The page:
Sharp criticism of Luisa Neubauer (26) from the country where the gas pipeline is to be built, which the climate activist would rather blow up.
Neubauer, who became known as the organizer of Fridays for Future, caused a stir with her slogan: “We plan to blow up the pipeline.” Neubauer quickly tried to come to terms with her claim: The pipeline she is talking about has not yet been built.
It’s all about the East African oil pipeline (e.g.in German: “East African Oil Pipeline” (EACOP) to prevent.
“We are talking to the French government, potential investors and pipeline insurers, and we are mobilizing through social networks so that this climate-killing pipeline is never built but eventually blown up,” Neubauer told BILD.
Do they also think about the interests of local people?
► Sharp criticism of Neubauer is now coming from Uganda. “The pipeline is really important for the Ugandan economy because it is expected to create tens of thousands of jobs, accelerate the long-delayed commercialization of oil reserves and transform the Ugandan economy,” said Ugandan journalist Nicholas Bariyo (Wall Street Journal).
“I believe the project can also help Uganda play an important role in global energy markets in times of great uncertainty. The jokes about the blasting of the pipeline are really out of place, “Bariyo continued.
Also: East Africa already has a serious problem with terrorism. Terence Corrigan of the South African Institute of Race Relations (IRR) think tank points this out: (by Neubauer, ed.) is highly irresponsible and shameful. There are a number of terrorist movements in East Africa. In Uganda, for example, there is an ‘Army of Divine Resistance’. These uprisings are killing people and undermining the country’s development prospects. “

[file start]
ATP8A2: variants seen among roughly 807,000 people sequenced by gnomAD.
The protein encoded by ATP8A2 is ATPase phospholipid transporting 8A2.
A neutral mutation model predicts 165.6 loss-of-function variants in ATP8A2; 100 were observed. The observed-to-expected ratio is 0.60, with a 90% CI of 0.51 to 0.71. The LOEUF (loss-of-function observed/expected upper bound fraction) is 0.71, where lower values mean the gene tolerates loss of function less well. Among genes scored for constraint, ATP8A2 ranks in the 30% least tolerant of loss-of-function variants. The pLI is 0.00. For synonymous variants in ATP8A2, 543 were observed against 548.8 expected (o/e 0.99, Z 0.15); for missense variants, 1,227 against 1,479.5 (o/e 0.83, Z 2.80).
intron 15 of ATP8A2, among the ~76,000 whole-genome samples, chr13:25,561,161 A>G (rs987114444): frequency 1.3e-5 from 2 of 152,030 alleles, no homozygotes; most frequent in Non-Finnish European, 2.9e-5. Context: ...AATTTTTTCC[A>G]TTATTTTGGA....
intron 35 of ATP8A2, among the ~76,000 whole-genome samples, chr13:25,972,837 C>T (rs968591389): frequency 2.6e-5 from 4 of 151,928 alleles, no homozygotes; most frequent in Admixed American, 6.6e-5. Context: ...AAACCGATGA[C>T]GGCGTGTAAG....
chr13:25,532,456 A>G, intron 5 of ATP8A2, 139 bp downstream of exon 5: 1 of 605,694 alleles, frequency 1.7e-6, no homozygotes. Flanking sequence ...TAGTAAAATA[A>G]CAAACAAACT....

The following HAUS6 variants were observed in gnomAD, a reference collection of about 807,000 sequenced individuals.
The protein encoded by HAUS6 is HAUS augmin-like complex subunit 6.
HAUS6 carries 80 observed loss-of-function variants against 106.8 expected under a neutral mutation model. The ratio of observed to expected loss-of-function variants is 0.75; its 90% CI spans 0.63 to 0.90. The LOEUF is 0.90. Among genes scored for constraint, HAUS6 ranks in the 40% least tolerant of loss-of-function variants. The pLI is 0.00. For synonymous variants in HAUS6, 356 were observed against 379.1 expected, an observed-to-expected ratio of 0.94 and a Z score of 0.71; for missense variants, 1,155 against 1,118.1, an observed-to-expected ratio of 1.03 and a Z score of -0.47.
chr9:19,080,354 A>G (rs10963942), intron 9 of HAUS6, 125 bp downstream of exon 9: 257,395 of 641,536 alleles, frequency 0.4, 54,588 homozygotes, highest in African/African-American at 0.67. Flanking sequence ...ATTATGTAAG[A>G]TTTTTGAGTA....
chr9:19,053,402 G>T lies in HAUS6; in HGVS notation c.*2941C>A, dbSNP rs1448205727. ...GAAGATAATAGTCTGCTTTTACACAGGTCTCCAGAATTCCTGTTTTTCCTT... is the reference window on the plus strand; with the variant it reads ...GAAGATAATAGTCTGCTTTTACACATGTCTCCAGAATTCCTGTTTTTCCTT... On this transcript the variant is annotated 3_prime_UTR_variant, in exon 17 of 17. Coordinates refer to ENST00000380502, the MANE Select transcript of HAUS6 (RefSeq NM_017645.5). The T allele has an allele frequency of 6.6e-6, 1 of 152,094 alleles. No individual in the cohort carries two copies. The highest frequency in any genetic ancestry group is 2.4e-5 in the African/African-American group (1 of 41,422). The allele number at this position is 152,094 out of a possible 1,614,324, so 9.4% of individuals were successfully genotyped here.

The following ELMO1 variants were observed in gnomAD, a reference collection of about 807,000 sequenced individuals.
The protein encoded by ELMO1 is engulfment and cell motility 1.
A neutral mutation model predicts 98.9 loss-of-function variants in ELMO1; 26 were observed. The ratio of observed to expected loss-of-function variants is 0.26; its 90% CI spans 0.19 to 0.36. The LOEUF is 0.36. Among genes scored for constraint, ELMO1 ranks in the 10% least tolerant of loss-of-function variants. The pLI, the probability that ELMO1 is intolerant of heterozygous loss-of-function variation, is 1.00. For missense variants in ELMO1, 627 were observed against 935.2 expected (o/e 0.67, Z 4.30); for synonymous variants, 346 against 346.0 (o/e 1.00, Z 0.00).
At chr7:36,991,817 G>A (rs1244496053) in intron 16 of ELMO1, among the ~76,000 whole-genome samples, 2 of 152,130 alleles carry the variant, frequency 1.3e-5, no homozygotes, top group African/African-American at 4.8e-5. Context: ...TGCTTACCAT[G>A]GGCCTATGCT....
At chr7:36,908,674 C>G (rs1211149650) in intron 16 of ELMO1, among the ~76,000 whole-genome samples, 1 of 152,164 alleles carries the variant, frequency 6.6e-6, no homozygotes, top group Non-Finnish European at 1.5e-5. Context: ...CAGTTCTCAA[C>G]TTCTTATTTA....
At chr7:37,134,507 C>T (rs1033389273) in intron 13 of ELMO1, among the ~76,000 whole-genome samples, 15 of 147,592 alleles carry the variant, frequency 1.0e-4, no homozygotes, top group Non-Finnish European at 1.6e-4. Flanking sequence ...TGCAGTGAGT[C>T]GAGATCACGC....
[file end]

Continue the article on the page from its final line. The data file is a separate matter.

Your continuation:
He sees Neubauer’s statement as “terrifying arrogance, even if he doesn’t mean it.” Uganda and Tanzania are poor, economically underdeveloped societies. The people who live in them have a legitimate hope for a better life, and using oil is part of that, ”Corrigan told BILD.
► And then, “I wonder how people in Uganda and Tanzania would feel if they knew an activist from one of the most prosperous societies in human history.”
Economic development in Uganda is considered a basic requirement for the country to become more climate-friendly overall. Uganda loses 120,000 hectares of rainforest each year because firewood is often the only source of energy.
Corrigan says, “If you don’t give people in Uganda a chance to escape poverty, there is no chance of climate-friendly development in Uganda either.”